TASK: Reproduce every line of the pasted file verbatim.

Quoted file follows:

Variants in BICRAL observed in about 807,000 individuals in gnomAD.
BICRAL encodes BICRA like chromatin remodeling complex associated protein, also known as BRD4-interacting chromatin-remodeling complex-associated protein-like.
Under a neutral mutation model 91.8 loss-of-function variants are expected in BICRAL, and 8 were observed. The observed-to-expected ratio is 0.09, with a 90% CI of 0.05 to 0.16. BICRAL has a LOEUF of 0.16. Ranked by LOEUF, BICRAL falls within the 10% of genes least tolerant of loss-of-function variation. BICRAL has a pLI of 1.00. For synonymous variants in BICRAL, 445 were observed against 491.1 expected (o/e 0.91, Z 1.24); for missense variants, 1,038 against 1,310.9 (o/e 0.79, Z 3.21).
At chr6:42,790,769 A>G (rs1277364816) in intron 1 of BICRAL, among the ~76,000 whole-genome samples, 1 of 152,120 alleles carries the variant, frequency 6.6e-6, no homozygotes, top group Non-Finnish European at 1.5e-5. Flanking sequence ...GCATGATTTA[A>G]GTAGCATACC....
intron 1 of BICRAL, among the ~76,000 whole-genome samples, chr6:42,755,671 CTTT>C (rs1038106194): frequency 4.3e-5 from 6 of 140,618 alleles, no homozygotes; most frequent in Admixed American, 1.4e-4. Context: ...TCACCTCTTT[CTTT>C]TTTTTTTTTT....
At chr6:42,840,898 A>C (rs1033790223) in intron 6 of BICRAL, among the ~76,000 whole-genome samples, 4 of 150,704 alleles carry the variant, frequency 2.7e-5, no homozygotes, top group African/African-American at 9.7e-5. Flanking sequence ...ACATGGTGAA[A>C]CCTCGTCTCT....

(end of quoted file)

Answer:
Variants in BICRAL observed in about 807,000 individuals in gnomAD.
BICRAL encodes BICRA like chromatin remodeling complex associated protein, also known as BRD4-interacting chromatin-remodeling complex-associated protein-like.
Under a neutral mutation model 91.8 loss-of-function variants are expected in BICRAL, and 8 were observed. The observed-to-expected ratio is 0.09, with a 90% CI of 0.05 to 0.16. BICRAL has a LOEUF of 0.16. Ranked by LOEUF, BICRAL falls within the 10% of genes least tolerant of loss-of-function variation. BICRAL has a pLI of 1.00. For synonymous variants in BICRAL, 445 were observed against 491.1 expected (o/e 0.91, Z 1.24); for missense variants, 1,038 against 1,310.9 (o/e 0.79, Z 3.21).
At chr6:42,790,769 A>G (rs1277364816) in intron 1 of BICRAL, among the ~76,000 whole-genome samples, 1 of 152,120 alleles carries the variant, frequency 6.6e-6, no homozygotes, top group Non-Finnish European at 1.5e-5. Flanking sequence ...GCATGATTTA[A>G]GTAGCATACC....
intron 1 of BICRAL, among the ~76,000 whole-genome samples, chr6:42,755,671 CTTT>C (rs1038106194): frequency 4.3e-5 from 6 of 140,618 alleles, no homozygotes; most frequent in Admixed American, 1.4e-4. Context: ...TCACCTCTTT[CTTT>C]TTTTTTTTTT....
At chr6:42,840,898 A>C (rs1033790223) in intron 6 of BICRAL, among the ~76,000 whole-genome samples, 4 of 150,704 alleles carry the variant, frequency 2.7e-5, no homozygotes, top group African/African-American at 9.7e-5. Flanking sequence ...ACATGGTGAA[A>C]CCTCGTCTCT....